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Quartz Daily Brief—Americas edition—driving Mao’s car, poisoning Bloomberg, interning for LeBron

Published This article is more than 2 years old.

What to watch for today

GOP G-Man. James Comey, a former Justice Department official under George W. Bush, is likely to replace FBI director Robert Mueller. He’s known for standing up to the White House and refusing to authorize a warrant-less eavesdropping program.

Baby, you can drive Mao’s car. A Chinese state-owned auto manufacturer launches a revamped version of the Red Flag sedan, first built for Chairman Mao in 1958, in a bid to unseat Audi as the government official’s car of choice.

India seeks closer Thais. Prime Minister Manmohan Singh uses a trip to Bangkok to press for a closer alliance as part of India’s “Look East” policy.

London attacker’s day in court. Michael Adebowale has been charged with the murder of a British soldier who was hacked to death last week.

Earnings and data: Canada’s Royal Bank and CIBC release earnings, along with Costco. The US is expected to report that the American economy expanded 2.5% in the first quarter.

While you were sleeping

Japan stocks “corrected.” The Nikkei retreated more than 5% after its recent torrid climb, pushing the yen up against the dollar.

Google’s self-aware iPhone challenger. The Moto X will be “contextually aware of what’s going on around it,” and might just help destroy Apple’s gargantuan profit margins.

The Softbank/Sprint/Dish saga isn’t over. US national security officials cleared the Sprint-Softbank deal, forcing rival bidder Dish Network to move the fight to Sprint’s buyout of Clearwire.

Someone tried to poison Michael Bloomberg. Two letters dosed with ricin were intercepted, one addressed directly to the NYC mayor and the second to his anti-gun lobbying group.

Monsanto goes rogue. Unapproved genetically modified wheat crops showed up in Oregon, “growing where they were not wanted, like a weed,” potentially endangering US exports.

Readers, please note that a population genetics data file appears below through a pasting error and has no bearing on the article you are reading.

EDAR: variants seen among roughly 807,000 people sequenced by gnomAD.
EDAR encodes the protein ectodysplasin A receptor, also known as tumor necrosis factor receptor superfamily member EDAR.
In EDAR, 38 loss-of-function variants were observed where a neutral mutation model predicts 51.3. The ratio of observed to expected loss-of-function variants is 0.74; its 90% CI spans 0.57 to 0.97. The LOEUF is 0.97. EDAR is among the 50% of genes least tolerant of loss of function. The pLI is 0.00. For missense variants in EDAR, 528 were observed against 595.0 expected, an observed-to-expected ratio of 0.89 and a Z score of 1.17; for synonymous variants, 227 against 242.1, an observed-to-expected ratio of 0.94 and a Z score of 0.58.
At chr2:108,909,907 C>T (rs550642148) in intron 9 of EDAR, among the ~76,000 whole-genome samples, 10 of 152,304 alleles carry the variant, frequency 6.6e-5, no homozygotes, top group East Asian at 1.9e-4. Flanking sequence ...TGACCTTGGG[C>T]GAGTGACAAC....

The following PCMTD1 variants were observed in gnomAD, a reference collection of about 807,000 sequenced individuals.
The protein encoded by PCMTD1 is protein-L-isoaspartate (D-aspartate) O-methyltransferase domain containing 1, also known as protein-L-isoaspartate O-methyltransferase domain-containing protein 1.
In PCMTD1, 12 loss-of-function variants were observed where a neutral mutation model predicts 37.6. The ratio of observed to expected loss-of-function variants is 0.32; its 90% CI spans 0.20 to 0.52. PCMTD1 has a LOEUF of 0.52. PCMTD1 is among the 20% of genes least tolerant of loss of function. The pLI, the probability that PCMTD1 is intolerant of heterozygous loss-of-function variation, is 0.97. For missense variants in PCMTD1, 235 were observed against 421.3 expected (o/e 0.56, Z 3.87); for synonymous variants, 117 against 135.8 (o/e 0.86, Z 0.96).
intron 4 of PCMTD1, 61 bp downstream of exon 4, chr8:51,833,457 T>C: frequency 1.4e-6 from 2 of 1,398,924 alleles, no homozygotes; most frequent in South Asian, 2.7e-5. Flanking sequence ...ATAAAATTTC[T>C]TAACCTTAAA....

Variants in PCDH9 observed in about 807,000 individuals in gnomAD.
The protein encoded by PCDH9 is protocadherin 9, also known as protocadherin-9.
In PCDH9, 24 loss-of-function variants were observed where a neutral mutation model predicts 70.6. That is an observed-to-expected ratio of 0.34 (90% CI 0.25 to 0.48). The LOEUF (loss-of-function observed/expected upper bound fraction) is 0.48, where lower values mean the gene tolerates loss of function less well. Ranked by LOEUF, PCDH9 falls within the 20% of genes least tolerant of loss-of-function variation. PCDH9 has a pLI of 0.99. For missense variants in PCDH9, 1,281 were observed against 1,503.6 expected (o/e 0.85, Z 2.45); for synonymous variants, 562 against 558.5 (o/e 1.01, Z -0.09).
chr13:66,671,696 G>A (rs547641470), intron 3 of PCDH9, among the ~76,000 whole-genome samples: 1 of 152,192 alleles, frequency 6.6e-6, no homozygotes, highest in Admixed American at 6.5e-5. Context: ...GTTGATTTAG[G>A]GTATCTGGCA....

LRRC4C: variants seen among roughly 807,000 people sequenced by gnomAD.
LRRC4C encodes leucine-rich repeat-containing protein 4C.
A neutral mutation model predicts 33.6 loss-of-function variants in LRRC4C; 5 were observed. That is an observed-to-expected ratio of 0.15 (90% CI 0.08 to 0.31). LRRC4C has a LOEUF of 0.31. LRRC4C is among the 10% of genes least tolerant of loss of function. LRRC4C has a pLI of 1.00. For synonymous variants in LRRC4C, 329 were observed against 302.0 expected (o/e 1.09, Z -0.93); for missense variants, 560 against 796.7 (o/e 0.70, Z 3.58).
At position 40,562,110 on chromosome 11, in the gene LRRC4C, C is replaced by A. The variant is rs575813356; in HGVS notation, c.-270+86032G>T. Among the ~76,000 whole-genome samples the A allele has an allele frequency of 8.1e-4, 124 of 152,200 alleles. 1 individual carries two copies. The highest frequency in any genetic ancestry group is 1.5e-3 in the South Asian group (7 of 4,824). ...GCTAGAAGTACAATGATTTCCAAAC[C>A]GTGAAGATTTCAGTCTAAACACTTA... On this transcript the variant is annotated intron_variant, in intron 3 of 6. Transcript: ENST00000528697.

The Philippines on a roll. The economy beat all estimates to grow 7.8% in the first quarter, the fastest pace in almost three years. In Europe, Swiss GDP edged up 0.6%, and Spain fell 0.5%.

Fiat preps a Chrysler bid. The Italian carmaker is in talks to obtain financing for a $10 billion bid for the 41.5% of Chrysler owned by the UAW’s health-care trust.

Quartz obsession interlude

Christopher Mims on why Facebook’s stock price is falling. “The biggest factors in Facebook’s problematic image are the signals being sent by its leaders. Ever since its IPO, Facebook has been talking too much about money, and too little about long-term vision.” Read more here.

Matters of debate

Well-capitalized banks aren’t safer. They might even be at greater risk.

Extra time = less happiness. Busiest people seem to be the most blissful.

No strings attached. Direct cash transfers are the best way to fight poverty.

Reinhart and Rogoff are still wrong. High government debt doesn’t hurt economic growth.

America as China’s factory farm. Pigs are like iPhones in reverse.

Surprising discoveries

US senior healthcare will be paid for by immigrants. Aging native-born Americans are expensive.

LeBron seeks interns. An essay is required, but the ability to do this is not.

North Korea has an all-girl pop groupMaybe they can hang out with the parkour tourists.

The shape of schemes We made maps of bike sharing programs around the world.

Our best wishes for a productive day. Please send any news, comments, self-aware mobile apps, and LeBron internship essays to You can follow us on Twitter here for updates during the day.

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